A woman who was murdered by Keith Jesperson, the “Happy Face” serial killer, has been identified decades after her death, police said in a news release

Jesperson is serving multiple life sentences after confessing to murdering eight women in multiple states between 1990 and 1995, and was known as the Happy Face killer because he wrote notes to the media that he signed with a smiley face. In February 1996, he told an investigator from the Okaloosa County Sheriff’s Office that he had killed one of the women in 1994 and dumped her body along Interstate 10 in Oregon. Jesperson did not identify the woman, saying that he believed her name was “Susan” or “Suzette.” 

A prison work crew found the body on Sept. 14, 1994. At the time, the only thing investigators could determine was that the body was that of a white female likely between the ages of 35 and 55. A facial reconstruction made at the time did not generate any leads. 

Since then, the woman has been unidentified, despite what the Okaloosa County Sheriff’s Office described as decades-long efforts by their investigators and those from the Florida Department of Law Enforcement and the District One Medical Examiner’s Office. Those efforts included a facial reconstruction in 2007, additional anthrophological examination in 2008, and isotope analysis from the remains at the University of Florida in 2018.

In late 2022, the medical examiner’s office began working with Othram, a private company that “uses genetic genealogy to aid in identification,” said Chrissy Neiten, a chief investigator with the office, in the news release. 

Using what Neiten described as “forensic-grade genome sequencing,” Othram was able to create a comprehensive genealogical profile of the unidentified woman in 2023. This led to the identification of the woman as Suzanne Kjellenberg.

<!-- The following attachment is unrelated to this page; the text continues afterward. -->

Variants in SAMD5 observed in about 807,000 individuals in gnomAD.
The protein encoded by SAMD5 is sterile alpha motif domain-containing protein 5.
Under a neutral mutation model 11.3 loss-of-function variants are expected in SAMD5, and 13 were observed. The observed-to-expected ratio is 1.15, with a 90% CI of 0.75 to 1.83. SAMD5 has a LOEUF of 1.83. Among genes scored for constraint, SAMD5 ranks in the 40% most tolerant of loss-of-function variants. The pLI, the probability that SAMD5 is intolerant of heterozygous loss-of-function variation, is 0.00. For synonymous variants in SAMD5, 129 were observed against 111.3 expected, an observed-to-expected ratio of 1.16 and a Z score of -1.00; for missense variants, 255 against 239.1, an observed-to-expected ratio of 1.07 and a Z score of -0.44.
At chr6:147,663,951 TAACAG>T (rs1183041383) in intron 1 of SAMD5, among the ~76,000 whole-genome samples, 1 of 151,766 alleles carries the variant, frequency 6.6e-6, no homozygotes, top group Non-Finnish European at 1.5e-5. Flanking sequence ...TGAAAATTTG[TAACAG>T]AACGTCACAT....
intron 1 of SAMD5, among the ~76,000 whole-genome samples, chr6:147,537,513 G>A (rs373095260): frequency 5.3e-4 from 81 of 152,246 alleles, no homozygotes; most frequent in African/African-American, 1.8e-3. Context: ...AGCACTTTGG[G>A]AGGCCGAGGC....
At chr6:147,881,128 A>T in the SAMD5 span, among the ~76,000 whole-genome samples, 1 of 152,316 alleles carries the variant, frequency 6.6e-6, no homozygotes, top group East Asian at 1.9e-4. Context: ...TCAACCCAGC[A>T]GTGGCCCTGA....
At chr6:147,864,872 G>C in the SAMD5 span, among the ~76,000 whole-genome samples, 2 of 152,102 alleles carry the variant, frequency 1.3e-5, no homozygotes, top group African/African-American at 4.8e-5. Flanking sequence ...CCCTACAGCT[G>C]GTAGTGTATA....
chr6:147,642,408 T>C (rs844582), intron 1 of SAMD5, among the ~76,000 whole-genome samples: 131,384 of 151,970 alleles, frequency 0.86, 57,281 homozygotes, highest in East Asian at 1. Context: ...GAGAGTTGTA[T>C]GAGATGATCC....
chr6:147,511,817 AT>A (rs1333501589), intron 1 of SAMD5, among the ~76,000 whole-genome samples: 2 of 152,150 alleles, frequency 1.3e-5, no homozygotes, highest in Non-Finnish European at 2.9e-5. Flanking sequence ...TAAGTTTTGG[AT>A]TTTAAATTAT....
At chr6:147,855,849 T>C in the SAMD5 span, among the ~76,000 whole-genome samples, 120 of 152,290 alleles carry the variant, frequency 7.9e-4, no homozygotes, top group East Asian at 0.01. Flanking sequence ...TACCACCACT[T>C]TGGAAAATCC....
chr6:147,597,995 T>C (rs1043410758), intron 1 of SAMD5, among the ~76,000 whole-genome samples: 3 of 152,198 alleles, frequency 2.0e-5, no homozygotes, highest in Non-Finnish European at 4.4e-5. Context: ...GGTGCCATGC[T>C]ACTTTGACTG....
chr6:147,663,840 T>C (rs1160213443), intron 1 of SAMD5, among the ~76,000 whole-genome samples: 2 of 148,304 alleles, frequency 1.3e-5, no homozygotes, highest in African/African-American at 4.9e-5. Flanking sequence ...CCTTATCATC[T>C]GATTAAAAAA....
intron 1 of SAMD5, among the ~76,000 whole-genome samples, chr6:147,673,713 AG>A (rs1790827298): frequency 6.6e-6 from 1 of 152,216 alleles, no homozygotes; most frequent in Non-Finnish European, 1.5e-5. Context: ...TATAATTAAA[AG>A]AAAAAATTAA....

Suzanne Kjellenberg.

Okaloosa County Sheriff’s Office

Kjellenberg was 34 at the time of her death, according to Okaloosa sheriff Eric Aden. She is survived by family in Wisconsin.

Jesperson has been charged with her murder. He met with investigators and officials in Sept. 2023 and provided further details about Kjellenberg’s murder. Aden said that Jesperson repeated the claim that he met Kjellenberg in 1994, when he was working as a long-haul trucker. Jesperson told officials that they traveled to a rest area in the Florida panhandle, and while there, he parked next to a security guard while Kjellenberg slept in his bed. He said that she “began screaming and wouldn’t stop,” the sheriff’s office news release said. 

Jesperson said he was not allowed to “have unauthorized riders” in his truck, and did not want to draw attention, so he “stopped (Kjellenberg) from breathing by pushing his fist against her neck.” He later “placed zip ties around her throat.” 

“Thanks to the tireless efforts of so many over so long, the remains of Suzanne Kjellenberg, the final unidentified victim of Jesperson’s cross country murder sprees, can finally leave the Medical Examiner’s Office, and return home,” said Aden.

Keith Jesperson.

Okaloosa County Sheriff’s Office

Another victim of Jesperson’s was identified in 2022. Patricia Skiple, of Colton, Oregon, had been known only as “Blue Pacheco” because of the clothing found on her body, but genetic genealogy was able to identify her nearly 30 years after her remains were found along California’s State Route 152. Jesperson confessed to the murder in 2006, saying in a letter to the county district attorney’s office that he had sexually assaulted and killed a woman in the area.